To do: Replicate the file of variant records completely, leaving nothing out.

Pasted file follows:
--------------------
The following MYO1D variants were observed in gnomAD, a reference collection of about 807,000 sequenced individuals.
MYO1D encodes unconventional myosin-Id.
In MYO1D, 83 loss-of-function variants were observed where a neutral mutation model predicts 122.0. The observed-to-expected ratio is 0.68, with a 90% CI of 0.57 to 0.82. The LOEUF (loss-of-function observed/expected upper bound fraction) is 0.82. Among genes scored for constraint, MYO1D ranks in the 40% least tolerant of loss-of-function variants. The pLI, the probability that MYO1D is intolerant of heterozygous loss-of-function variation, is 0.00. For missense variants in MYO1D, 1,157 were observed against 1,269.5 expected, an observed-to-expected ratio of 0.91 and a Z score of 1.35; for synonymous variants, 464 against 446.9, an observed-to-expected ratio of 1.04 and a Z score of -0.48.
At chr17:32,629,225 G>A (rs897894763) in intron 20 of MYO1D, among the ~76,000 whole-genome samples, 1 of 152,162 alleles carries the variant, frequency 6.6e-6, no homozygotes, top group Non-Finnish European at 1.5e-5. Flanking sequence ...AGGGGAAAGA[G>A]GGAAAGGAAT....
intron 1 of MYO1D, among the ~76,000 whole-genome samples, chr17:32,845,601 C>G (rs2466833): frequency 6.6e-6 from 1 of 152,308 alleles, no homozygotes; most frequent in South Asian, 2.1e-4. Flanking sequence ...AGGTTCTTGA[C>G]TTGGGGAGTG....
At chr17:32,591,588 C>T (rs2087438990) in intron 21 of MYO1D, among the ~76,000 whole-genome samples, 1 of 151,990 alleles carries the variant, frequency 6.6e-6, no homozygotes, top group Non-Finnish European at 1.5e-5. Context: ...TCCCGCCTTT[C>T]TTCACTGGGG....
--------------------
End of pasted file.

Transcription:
The following MYO1D variants were observed in gnomAD, a reference collection of about 807,000 sequenced individuals.
MYO1D encodes unconventional myosin-Id.
In MYO1D, 83 loss-of-function variants were observed where a neutral mutation model predicts 122.0. The observed-to-expected ratio is 0.68, with a 90% CI of 0.57 to 0.82. The LOEUF (loss-of-function observed/expected upper bound fraction) is 0.82. Among genes scored for constraint, MYO1D ranks in the 40% least tolerant of loss-of-function variants. The pLI, the probability that MYO1D is intolerant of heterozygous loss-of-function variation, is 0.00. For missense variants in MYO1D, 1,157 were observed against 1,269.5 expected, an observed-to-expected ratio of 0.91 and a Z score of 1.35; for synonymous variants, 464 against 446.9, an observed-to-expected ratio of 1.04 and a Z score of -0.48.
At chr17:32,629,225 G>A (rs897894763) in intron 20 of MYO1D, among the ~76,000 whole-genome samples, 1 of 152,162 alleles carries the variant, frequency 6.6e-6, no homozygotes, top group Non-Finnish European at 1.5e-5. Flanking sequence ...AGGGGAAAGA[G>A]GGAAAGGAAT....
intron 1 of MYO1D, among the ~76,000 whole-genome samples, chr17:32,845,601 C>G (rs2466833): frequency 6.6e-6 from 1 of 152,308 alleles, no homozygotes; most frequent in South Asian, 2.1e-4. Flanking sequence ...AGGTTCTTGA[C>G]TTGGGGAGTG....
At chr17:32,591,588 C>T (rs2087438990) in intron 21 of MYO1D, among the ~76,000 whole-genome samples, 1 of 151,990 alleles carries the variant, frequency 6.6e-6, no homozygotes, top group Non-Finnish European at 1.5e-5. Context: ...TCCCGCCTTT[C>T]TTCACTGGGG....